The wooden ornaments for the tree were made by Pete's parents for their granddaughter Ari. Dad made the big Rudolph with the shiny nose, too.

The wooden ornaments for the tree were made by Pete’s parents for their granddaughter Ari. Dad crafted the big Rudolph with the shiny nose, too.

Because we arrived early in the morning, we’d beat the crowds. On the way home to where my mother-in-law Dorothy was waiting and where Pete’s sister Penny would be arriving, we probably stopped at the Brandywine River Museum of Art to pick up more presents, and we probably stopped at the Brothers restaurant run by my Italian sister-in-law Patty’s relatives for pizza. There are certain places we always went when touring Pete’s old stomping grounds at Christmastime.

Nice, sweet memories, and a reminder that it’s not necessary to plan everything to the last detail during the holidays. Christmas is not just a day on the calendar. Christmas can be every day. I think if I keep open minded to welcome the surprises that are bound to come along this year, it will be enough.

(Well, okay, I did start a list today. Sort of! ;-))

Copyright 2014 Rebekah Luke




Reflections of Christmas Day

26 12 2011

Picture-perfect family home on Christmas Day

Once when I was a teen, my best friend Margy had the bright idea that I should bring all my Christmas presents to her house to open with her family on Christmas morning.

Sometimes I’d go after Christmas Eve service, when we sang in the choir, and spend the night so I could witness the little kids’ joyful squeals as they awoke to see what was under the tree for them.

We’re senior adults now, and Margy’s been living in Oregon, but for most of the Christmas mornings that followed I have visited the venerable Sinclair Family home.

Presents under the tree

Each year varies as to who of my hanai family is arriving throughout Christmas Day, and Mom Ivalee who reared six children can rattle off the list.

Yesterday DH and I were the first to arrive and the last to leave.

That meant I could help make breakfast with Kathy and Ruth. And wash dishes — my job. Ruth cracked open the eggs for two big pans of scrambled eggs with bacon, onion, and cheddar cheese that Kathy tended while I toasted and buttered English muffins. We kept brewing more coffee as the others arrived.

Kathy comes from her Idaho ranch every year and helps Mom decorate. Now widowed, she’s voiced her plans to move back home to Manoa with her horses, cats and dog. Ruth, also an equestrian, is single again too, and she has listed her Kailua house for sale and already moved back to Mom’s with her dog Shadow. These life changes have a way of working out, and it’s wonderful these three wahine (women) are together at home.

My hanai sisters and mom: Kathy, Ivalee, and Ruth

The Hurleys from Australia and Las Vegas arrived. They all came to Hawaii for the baptism last week of their baby granddaughter Jasmine, born to Jodee and Paul. These lovely folks are in-laws and daughter of Julie, my hanai brother Karl’s wife.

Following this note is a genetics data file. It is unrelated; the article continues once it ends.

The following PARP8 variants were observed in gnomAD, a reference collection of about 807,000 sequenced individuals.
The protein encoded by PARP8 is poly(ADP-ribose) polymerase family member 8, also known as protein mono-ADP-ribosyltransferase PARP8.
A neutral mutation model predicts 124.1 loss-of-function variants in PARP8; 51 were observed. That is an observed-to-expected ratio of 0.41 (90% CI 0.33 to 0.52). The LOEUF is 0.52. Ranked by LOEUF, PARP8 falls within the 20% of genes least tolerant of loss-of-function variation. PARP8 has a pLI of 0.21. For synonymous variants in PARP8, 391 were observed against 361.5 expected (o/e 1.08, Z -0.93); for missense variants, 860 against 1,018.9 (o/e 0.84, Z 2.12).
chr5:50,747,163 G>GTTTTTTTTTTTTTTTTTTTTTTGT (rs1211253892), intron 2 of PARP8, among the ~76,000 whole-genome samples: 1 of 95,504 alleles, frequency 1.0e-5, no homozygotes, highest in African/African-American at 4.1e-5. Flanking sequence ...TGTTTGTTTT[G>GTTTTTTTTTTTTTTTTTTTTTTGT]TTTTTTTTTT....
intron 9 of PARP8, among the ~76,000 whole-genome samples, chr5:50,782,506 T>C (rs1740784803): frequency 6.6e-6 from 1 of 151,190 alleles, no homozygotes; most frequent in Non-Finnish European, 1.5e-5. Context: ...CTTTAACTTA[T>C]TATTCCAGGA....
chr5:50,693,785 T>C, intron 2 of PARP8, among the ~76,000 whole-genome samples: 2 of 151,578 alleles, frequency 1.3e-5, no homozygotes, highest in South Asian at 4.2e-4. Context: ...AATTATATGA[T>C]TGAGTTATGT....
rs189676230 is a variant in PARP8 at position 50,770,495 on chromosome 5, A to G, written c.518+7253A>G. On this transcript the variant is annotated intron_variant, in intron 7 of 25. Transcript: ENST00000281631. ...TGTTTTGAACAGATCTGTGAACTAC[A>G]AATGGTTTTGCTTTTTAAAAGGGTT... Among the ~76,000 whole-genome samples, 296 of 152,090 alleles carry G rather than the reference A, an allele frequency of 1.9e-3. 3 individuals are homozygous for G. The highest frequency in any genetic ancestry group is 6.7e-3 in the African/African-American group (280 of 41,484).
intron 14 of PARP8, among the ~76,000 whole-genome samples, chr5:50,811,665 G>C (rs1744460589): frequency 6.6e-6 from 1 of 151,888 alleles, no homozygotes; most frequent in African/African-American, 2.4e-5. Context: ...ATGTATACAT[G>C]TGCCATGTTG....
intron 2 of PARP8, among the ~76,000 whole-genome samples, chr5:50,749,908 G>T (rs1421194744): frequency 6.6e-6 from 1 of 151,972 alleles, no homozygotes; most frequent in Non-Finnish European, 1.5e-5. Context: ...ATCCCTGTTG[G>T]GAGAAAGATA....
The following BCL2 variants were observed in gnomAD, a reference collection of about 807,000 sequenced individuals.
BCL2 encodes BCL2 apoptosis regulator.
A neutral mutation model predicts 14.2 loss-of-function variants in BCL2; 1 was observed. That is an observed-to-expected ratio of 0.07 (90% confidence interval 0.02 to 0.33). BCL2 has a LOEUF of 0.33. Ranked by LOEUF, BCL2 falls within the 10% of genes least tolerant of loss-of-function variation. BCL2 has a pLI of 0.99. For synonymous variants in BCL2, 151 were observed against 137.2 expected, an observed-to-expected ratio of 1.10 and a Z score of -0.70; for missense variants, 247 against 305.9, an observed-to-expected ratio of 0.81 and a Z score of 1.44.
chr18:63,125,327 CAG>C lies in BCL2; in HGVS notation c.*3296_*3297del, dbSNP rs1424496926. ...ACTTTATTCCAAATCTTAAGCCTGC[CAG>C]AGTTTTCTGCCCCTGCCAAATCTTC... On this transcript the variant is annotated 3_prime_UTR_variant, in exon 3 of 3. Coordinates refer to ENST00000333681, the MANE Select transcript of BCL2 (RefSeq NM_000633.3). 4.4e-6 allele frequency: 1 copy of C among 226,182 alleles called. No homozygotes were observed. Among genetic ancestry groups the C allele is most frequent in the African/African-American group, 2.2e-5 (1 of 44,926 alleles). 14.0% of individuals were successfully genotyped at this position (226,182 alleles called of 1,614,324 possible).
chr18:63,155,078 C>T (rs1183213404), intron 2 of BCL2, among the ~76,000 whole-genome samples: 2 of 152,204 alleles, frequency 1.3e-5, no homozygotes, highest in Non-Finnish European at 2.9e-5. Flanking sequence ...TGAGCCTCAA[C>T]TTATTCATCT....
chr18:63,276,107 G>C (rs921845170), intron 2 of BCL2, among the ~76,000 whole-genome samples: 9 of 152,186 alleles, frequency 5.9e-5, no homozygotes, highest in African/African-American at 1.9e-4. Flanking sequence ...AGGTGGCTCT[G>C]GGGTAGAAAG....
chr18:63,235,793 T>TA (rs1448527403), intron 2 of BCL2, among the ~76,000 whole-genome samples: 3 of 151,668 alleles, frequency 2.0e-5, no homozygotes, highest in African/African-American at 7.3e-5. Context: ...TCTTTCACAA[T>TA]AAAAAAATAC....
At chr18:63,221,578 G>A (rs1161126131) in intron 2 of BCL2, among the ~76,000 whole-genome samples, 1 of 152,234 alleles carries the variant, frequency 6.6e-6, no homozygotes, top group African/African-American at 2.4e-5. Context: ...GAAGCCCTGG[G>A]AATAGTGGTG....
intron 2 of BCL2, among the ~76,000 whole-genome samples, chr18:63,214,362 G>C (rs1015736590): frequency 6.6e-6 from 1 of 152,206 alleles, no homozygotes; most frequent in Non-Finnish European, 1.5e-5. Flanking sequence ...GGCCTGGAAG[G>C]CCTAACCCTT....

Jasmine is baptized, Dec. 18, at St. John Vianney church

The senior Hurleys, who live near Melbourne, gave DH and I the idea of buying an around-the-word air ticket when the time comes to visit Miss Marvelous and her family in Italy, which is half way around the globe from Hawaii. (Have I mentioned they’re moving for three years? 😉 and  😦 Big change!)

The Hurleys said that plan could be cheaper than buying an out-and-back round trip, and then we could visit them in Australia. I will look into it!

Karl’s family includes Brandon and his lady Charlotte, who also drove up, and Brandon’s little girl Trinity. Then my first college roommate Becky arrived on her way to the UH ball game.

Presents for everyone! Trinity and her cousin Patrick, 3,  liked popping the bubble wrap the best.

The morning group left, and in the lull I washed dishes. There were a lot of them. We walked the dog until we got tired, and Ruth made three yummy from-scratch pies for dinner. We staged the rest of the dinner meal around a baked ham and kalua turkey. I think Mom spoke long distance with her two eldest, David and Margy, in Alaska and Oregon. Our thoughts were with Margy and family whose husband Jon is recovering well from a stroke.

Then Miss Marvelous, her parents Ari and Travis, and baby Perrin arrived. Afternoon wine for the adults!

Shadow, Ari, and baby Perrin

Luckily my hanai brother Brian’s family could make it for dinner, as his physician’s on-call duties were light. Our niece Anna is home from college. As she spent a high school year in Italy, our kids were anxious to hear from her what living abroad might be like.

I made only a few photos in between opening gifts, visiting with everyone, and . . . washing dishes! No images of the peak excitement periods, but be assured, it was another Christmas Day of family love at the Sinclairs’. Here’s GG, our touchstone, with the youngest of our extended clan.

GG (Great grandmother) and Perrin (age 1 month)

Copyright 2011 Rebekah Luke